Objectives: To obtain the most accurate assessment of the risks and benefits of selective clamping in robot-assisted partial nephrectomy (RAPN) we evaluated outcomes of this technique vs those of full clamping in patients with a solitary kidney undergoing RAPN.

Patients And Methods: Data from institutional review board-approved retrospective and prospective databases from 2006 to 2019 at multiple institutions with sharing agreements were evaluated. Patients with a solitary kidney were identified and stratified based on whether selective or full renal artery clamping was performed. Both groups were analysed with regard to demographics, risk factors, intra-operative complications, and postoperative outcomes using chi-squared tests, Fisher's exact tests, t-tests and Mann-Whitney U-tests.

Results: Our initial cohort consisted of 4112 patients, of whom 72 had undergone RAPN in a solitary kidney (51 with full clamping and 21 with selective clamping). There were no significant differences in demographics, tumour size, baseline estimated glomerular filtration rate (eGFR), or warm ischaemia time (WIT) between the groups (Table 1). Intra-operative outcomes, including estimated blood loss, operating time, and intra-operative complications were similar in the two groups. Short- and long-term postoperative percentage change in eGFR, frequency of acute kidney injury (AKI), and frequency of de novo chronic kidney disease (CKD) were also not significantly different between the two techniques.

Conclusion: In a large cohort of patients with solitary kidney undergoing RAPN, selective clamping resulted in similar intra-operative and postoperative outcomes compared to full clamping and conferred no additional risk of harm. However, selective clamping did not appear to provide any functional advantage over full clamping as there was no difference observed in the frequency of AKI, CKD or change in eGFR. Short WIT in both groups (<15 min) may have prevented identification of benefits in the selective clamping group; a similar study analysing cases with longer WIT may elucidate any beneficial effects of selective clamping.
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http://dx.doi.org/10.1111/bju.15043DOI Listing
June 2020

Dose-Dependent Increases in Ellagitannin Metabolites as Biomarkers of Intake in Humans Consuming Standardized Black Raspberry Food Products Designed for Clinical Trials.

Mol Nutr Food Res 2020 05 17;64(10):e1900800. Epub 2020 Mar 17.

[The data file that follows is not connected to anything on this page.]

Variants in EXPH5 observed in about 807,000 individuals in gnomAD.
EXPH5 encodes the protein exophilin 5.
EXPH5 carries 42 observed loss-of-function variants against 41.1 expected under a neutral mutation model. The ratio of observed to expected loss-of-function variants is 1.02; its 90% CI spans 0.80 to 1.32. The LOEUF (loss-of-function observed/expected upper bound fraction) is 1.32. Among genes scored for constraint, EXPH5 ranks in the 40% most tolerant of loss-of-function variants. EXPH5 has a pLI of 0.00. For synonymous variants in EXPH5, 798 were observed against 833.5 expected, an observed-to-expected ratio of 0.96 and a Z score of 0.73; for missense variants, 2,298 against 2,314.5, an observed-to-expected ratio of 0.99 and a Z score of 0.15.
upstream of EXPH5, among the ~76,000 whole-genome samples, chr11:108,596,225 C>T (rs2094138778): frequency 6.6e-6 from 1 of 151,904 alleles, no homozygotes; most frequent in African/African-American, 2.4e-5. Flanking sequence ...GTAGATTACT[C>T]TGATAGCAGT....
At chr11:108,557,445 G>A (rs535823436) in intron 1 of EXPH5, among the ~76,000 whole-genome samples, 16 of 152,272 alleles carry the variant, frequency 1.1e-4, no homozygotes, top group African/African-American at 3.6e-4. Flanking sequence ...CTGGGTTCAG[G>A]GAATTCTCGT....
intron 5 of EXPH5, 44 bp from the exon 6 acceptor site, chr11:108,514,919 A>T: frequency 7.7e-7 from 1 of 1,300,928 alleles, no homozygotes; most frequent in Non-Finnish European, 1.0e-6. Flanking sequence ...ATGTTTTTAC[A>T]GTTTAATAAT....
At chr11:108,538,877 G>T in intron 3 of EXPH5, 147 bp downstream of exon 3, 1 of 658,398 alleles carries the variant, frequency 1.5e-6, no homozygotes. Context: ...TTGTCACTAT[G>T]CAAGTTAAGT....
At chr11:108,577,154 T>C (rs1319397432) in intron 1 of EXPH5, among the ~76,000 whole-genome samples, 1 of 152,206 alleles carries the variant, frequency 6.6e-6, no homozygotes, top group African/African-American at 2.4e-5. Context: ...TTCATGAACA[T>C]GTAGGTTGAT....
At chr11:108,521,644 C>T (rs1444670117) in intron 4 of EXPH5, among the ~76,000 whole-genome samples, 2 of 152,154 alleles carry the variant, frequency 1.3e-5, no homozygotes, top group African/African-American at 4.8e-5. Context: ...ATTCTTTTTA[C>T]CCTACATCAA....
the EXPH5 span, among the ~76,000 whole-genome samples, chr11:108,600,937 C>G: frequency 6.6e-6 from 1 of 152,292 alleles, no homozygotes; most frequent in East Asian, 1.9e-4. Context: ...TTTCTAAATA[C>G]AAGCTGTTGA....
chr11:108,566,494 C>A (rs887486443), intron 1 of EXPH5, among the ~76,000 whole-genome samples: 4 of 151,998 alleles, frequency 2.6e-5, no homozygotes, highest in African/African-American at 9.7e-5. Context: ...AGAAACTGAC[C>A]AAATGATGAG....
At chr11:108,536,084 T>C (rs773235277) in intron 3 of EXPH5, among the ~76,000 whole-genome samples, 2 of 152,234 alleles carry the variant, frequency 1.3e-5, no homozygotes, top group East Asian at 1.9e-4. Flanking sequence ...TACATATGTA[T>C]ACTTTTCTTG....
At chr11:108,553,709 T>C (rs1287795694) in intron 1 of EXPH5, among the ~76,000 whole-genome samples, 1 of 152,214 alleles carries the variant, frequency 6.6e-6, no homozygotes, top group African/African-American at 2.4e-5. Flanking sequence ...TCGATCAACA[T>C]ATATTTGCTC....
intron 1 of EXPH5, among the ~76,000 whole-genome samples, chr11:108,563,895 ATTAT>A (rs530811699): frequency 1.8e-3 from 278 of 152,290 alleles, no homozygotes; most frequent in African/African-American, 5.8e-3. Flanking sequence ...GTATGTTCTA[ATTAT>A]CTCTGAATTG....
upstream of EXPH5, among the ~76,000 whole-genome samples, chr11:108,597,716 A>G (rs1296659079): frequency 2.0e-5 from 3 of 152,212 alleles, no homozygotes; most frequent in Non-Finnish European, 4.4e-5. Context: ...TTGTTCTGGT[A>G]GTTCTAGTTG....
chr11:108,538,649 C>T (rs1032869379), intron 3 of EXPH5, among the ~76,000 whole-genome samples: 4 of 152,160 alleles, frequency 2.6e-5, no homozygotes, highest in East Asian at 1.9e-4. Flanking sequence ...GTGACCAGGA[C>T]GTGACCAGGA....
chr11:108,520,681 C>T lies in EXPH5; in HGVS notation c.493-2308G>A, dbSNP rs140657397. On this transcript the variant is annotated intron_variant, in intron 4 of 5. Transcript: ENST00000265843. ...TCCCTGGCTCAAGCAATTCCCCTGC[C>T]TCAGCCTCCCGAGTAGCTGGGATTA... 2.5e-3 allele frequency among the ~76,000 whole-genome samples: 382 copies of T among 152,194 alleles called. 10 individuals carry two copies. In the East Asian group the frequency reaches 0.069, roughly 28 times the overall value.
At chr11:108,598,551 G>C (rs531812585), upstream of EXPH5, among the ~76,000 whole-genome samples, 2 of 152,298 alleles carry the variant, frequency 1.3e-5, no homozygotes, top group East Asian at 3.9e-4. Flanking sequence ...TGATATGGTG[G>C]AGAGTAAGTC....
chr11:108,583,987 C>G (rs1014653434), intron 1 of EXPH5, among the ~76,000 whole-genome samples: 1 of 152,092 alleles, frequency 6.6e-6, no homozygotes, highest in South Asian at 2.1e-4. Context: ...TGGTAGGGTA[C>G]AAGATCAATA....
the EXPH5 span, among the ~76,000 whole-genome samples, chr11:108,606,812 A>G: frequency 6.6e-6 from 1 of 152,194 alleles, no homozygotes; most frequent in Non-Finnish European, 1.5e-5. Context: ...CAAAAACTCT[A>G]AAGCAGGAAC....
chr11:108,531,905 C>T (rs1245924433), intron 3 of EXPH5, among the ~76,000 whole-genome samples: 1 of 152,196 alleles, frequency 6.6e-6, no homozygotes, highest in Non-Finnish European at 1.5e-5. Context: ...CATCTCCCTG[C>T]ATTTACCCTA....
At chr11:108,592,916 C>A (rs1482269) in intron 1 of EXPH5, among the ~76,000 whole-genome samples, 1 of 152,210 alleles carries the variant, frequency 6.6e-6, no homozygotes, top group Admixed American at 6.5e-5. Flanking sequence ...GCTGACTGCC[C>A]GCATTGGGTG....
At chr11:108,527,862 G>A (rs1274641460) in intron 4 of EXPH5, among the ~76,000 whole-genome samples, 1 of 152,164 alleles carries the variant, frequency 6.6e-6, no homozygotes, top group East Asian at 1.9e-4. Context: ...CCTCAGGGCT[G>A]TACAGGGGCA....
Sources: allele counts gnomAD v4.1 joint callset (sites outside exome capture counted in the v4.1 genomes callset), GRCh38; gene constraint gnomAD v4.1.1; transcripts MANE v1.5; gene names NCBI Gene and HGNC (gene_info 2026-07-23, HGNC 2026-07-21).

Comprehensive Cancer Center, The Ohio State University, Columbus, OH, USA.

Scope: Black raspberry (BRB) phytochemicals demonstrate anti-carcinogenic properties in experimental models, including prostate cancer. Two BRB foods, a confection and nectar, providing a consistent and reproducible product for human clinical studies are designed and characterized.

Methods And Results: Men with clinically localized prostate cancer are sequentially enrolled to a control group or one of four intervention groups (confection or nectar, 10 or 20 g dose; n = 8 per group) for 4 weeks prior to prostatectomy. Primary outcomes include: safety, adherence, and ellagitannin metabolism. Adherence to the intervention is >96%. No significant (≥grade II) toxicities are detected. Urinary urolithins (A, B, C, and D) and dimethyl ellagic acid (DMEA) quantified by Ultra high performance liquid chromatography tandem mass spectroscopy (UPLC/MS/MS) indicate a dose-dependent excretion yet heterogeneous patterns among men. Men in the BRB confection groups have greater urinary excretion of the microbial urinary metabolites urolithin A and DMEA, suggesting that this food matrix provides greater colonic microflora exposure.

Conclusion: Fully characterized BRB confections and nectar are ideal for food-based large phase III human clinical studies. BRB products provide a bioavailable source of BRB phytochemicals, however large inter individual variation in polyphenol metabolism suggests that host genetics, microflora, and other factors are critical to understanding bioactivity and metabolism.
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http://dx.doi.org/10.1002/mnfr.201900800DOI Listing
May 2020

A Multi-Institutional Analysis of the Effect of Positive Surgical Margins Following Robot-Assisted Partial Nephrectomy on Oncologic Outcomes.

J Endourol 2020 03 27;34(3):304-311. Epub 2020 Feb 27.

Department of Urology, Wake Forest School of Medicine, Winston-Salem, North Carolina.